Our Heritage

The House Called “Wake Forest”

by Ed Morris // July - August - September 2023

The Cavin Jones House turned 200 years old in 2020. Like most landmark anniversaries and birthdays during the pandemic, planned celebrations went unnoticed. Dr. Calvin Jones named the house and plantation “Wake Forest.” However, it has been called a number of names throughout history – the President’s House, the Charter House, and the Birthplace. No matter what it was called, there is no doubt that the house has lived a charmed life over two centuries. Built in 1820 in the federal style with a hall/parlor plan, the house was constructed for the family of Davis Battle. It is unclear if the Battle family ever lived in the elegant but small plantation house. Calvin Jones purchased the house and its 615 acres of farmland along Richland Creek when it was relatively new. While the Jones family occupied the house only a dozen years, they made quite a mark on its history.

Dr. Jones married for the first time at age 44, and he and his wife Temperance Bodie Williams had four children while living in the house. In 1823, Dr. Jones performed what was likely the very first successful cataract surgery in the United States in his home office. About this time, Jones also received congressional approval for a post office called “Wake Forest” which he also operated out of the house. In August of 1832, the house and land were sold to the North Carolina Baptist Convention for the purpose of starting a college to educate young men for the Christian ministry. The third (or perhaps the second – it’s not officially known) residents of the house were Samuel and Sarah Wait and their young daughter Ann Eliza. The Waits moved into the house around Christmas of 1832 and made it their home when they weren’t traveling the muddy roads of North Carolina to raise funds for the yet-to-be-established college. On February 3, 1834, Wait sat in the parlor of the house with 16 students, and what today we know as Wake Forest University was born.

With the college came mobility. Around 1835, the house was moved about 150 yards south to make way for the first permanent college building. Within 20 years, the house would again be moved, this time a few hundred yards northwest near the present-day Ledford Center of Southeastern Baptist Theological Seminary (SEBTS). In May of 1956, Wake Forest College moved to Winston-Salem with a grant from the family of tobacco magnate R.J. Reynolds. SEBTS had plans to make changes to the campus to better fit its needs. Part of that plan was for the demolition of the house to make way for a cafeteria. A group of determined ladies from the Wake Forest Garden Club stepped in before demolition plans could proceed be-cause they saw the importance of the run-down house to the history of both Wake Forest University (now in Winston-Salem) and the town that carries the university’s name. Headed by a committee consisting of Kathleen Mackie Lake, Annie Gill Harris, Ruth Snyder, and others, funds were raised to move the house to safety. This group approached the trustees of Wake Forest University and requested to move the house to the 400 block of North Main Street on a four-and-a-half acre plot that was the original athletic field for the college. This block was the only land the college did not sell to SEBTS in 1956, and is the only piece of land never sold since its purchase from Dr. Calvin Jones for the college in August 1832.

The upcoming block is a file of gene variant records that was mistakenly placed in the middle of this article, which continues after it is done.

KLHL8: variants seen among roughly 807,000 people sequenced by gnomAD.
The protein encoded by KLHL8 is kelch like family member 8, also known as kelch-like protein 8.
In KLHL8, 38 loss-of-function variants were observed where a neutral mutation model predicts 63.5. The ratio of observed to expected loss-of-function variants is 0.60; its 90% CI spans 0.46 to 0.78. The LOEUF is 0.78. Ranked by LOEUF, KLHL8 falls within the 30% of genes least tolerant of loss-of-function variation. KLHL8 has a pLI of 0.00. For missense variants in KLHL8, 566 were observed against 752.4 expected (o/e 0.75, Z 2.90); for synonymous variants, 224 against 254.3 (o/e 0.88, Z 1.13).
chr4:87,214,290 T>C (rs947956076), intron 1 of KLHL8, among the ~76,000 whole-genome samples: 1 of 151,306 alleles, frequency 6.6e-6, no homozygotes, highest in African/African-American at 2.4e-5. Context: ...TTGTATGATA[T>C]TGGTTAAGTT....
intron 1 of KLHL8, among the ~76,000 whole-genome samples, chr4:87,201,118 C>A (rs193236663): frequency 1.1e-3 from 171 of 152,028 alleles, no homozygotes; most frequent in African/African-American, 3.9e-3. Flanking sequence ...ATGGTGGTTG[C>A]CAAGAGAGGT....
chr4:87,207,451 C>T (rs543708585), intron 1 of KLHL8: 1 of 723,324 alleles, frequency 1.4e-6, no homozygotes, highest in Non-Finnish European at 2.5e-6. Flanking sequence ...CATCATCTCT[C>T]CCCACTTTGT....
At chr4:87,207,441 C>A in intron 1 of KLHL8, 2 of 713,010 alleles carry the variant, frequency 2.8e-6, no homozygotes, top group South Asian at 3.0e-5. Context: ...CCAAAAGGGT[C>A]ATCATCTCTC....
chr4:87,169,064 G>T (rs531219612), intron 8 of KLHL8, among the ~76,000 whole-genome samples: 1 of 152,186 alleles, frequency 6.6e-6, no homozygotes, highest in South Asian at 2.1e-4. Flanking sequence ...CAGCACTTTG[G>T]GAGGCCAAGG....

By the fall of 1957, the house was once again on the move. Having sat on blocks for months while funds were raised for its restoration, Dr. Christopher Crittenden, grandson of sixth Wake Forest President Charles Taylor, and then-head of the North Carolina Department of Archives and History, took over the restoration project. Nearly 20 years later with a grant from the American Bicentennial Commission, restoration was completed and the house opened as a museum. Since 2014, the house’s interior has been restored to reflect four of its historical uses: the plantation home of Dr. Calvin Jones, the birthplace of Wake Forest University and home of first president Samuel Wait, a boarding house for the university’s medical school, and finally, a men’s dorm. Today, the Dr. Calvin Jones House is the centerpiece of the Wake Forest Historical Museum complex and is open for tours during the museum’s visiting hours. Check hours and tour details at wakeforestmuseum.org or call 919-556-2911.

Photo courtesy of Ken Bennett, Wake Forest University.

Ed Morris

Executive director of the Wake Forest Historical Museum & Wake Forest College Birthplace.